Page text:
Last week, we looked at the Definition of Culture. This week, we’re going to chat about RoundPegg’s 5 Culture Tenets. Our slideshow will give you a sneak peak of the topics we’ll be discussing in more detail.
Tenet 1: Culture is Defined by Actions
Culture is not whether employees wear ties or tie-dye or bring dogs to work – it is more elemental than that.
Earlier this week, we examined the 3 different types of culture that people commonly talk about. At RoundPegg, we like to use a simple definition of culture to start:
Cul•ture [kuhl-cher], noun, how work gets done in your company.
By this definition, culture means everything: how you interact with one another, how decisions are made, how you prioritize, how solutions are uncovered and how rewards are determined. Culture prescribes how we behave on-the-job, whom we hire, who gets promoted and who does not. The aforementioned perks are by-products of culture, but do not define it.
This is where people most often misunderstand the true meaning of the concept of organizational culture. At its most basic level, culture is defined by the actions of each and every employee within the company, from the bottom to the top and vice versa.
Values are what drive how work gets done, and every individual in your organization has a personal values system. Every interaction an employee has paints part of the picture of how things get done. And the worker’s personal values dictate their role within the interaction.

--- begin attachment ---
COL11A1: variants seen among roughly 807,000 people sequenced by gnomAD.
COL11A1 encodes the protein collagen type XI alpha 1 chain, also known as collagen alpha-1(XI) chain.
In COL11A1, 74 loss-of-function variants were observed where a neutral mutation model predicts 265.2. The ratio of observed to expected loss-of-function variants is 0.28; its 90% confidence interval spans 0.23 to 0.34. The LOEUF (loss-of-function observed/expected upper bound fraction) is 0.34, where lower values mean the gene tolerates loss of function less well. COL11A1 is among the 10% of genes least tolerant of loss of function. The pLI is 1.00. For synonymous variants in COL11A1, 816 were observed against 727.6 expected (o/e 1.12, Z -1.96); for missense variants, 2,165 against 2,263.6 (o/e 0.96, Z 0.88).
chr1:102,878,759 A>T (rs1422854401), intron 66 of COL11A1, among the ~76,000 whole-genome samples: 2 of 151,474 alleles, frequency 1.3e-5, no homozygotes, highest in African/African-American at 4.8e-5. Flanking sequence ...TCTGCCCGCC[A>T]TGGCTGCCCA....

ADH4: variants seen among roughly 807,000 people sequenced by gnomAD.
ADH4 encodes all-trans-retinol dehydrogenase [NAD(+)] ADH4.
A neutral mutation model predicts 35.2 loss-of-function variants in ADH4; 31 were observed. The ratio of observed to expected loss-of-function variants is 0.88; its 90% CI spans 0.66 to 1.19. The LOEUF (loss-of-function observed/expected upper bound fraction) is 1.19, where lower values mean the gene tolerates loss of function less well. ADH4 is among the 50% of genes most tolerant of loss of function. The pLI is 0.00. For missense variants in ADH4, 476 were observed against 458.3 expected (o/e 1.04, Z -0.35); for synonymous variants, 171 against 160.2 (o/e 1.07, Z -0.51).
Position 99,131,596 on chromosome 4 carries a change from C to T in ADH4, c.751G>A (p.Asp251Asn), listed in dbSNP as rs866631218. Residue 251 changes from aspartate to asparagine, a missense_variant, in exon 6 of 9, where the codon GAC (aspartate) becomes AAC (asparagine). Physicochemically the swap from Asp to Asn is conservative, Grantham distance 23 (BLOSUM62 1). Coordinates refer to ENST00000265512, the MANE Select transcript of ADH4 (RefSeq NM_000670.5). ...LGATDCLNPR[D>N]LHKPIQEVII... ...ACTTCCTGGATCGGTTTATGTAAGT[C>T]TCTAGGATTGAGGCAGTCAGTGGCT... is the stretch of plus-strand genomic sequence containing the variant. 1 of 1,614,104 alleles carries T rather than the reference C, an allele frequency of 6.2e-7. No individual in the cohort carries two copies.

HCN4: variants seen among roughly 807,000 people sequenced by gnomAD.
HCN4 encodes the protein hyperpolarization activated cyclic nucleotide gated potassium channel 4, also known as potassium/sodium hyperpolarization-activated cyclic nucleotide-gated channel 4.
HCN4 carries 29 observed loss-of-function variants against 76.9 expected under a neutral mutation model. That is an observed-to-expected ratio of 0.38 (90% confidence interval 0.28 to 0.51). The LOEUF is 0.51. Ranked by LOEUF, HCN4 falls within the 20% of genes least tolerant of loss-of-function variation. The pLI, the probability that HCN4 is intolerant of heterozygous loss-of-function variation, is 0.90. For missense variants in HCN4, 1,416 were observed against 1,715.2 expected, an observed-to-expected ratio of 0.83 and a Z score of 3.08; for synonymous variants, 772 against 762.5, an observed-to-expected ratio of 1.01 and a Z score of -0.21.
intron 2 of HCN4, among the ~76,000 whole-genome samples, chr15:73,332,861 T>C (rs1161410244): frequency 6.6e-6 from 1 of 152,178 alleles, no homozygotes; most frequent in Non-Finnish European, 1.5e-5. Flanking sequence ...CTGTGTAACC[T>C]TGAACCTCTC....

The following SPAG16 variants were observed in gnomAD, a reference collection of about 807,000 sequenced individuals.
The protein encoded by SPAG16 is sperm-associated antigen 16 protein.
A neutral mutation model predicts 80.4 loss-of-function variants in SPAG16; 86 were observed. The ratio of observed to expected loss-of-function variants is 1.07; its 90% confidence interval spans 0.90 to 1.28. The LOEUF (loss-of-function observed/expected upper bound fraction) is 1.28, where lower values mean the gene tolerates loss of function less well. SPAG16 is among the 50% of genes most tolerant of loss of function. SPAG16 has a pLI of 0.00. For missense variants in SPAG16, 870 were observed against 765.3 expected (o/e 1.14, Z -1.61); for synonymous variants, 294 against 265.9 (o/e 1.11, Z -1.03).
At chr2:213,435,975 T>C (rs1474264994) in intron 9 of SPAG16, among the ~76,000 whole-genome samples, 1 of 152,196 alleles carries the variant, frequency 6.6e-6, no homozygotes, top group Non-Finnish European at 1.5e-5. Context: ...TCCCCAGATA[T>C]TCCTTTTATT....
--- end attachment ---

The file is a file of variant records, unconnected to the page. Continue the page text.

It’s understandable that some may mistake culture for its offshoots – things like a keg in the kitchen or a casual dress code, but these things are just “symptoms” of a company’s culture. Take the example of being able to bring dogs to work – that characteristic is more likely to mean that a company is less formal in their day-to-day functions, but the act of bringing Fido to work does not make a company’s decision-making process informal.
The values of your employees drive their actions, which, in turn, define culture.
A most obvious example of individual values driving actions is the classic Enron example – which has been discussed for years as an example of what not to do. To summarize for some of our younger viewers, Enron was an energy company based in Houston known for spending lavishly for parties and trips. Enron executives used “accounting loopholes, special purpose entities, and poor financial reporting, to hide billions of dollars in debt from failed deals and projects.”1 In the end, shareholders sued the company and people went to jail. The negative values and loose morals of these executives eventually bankrupt the company and put thousands of good people out of a job.
To make this example even more disappointing, one of Enron’s core values was Integrity which drives home the importance of making the connection between the Aspirational Culture and then the Actual Culture of your people (once again, see 3 types of culture post).
Stay tuned for Thursday as we’ll feature a story from RoundPegg Board Member and former CHRO of Southwest Airlines, Libby Sartain.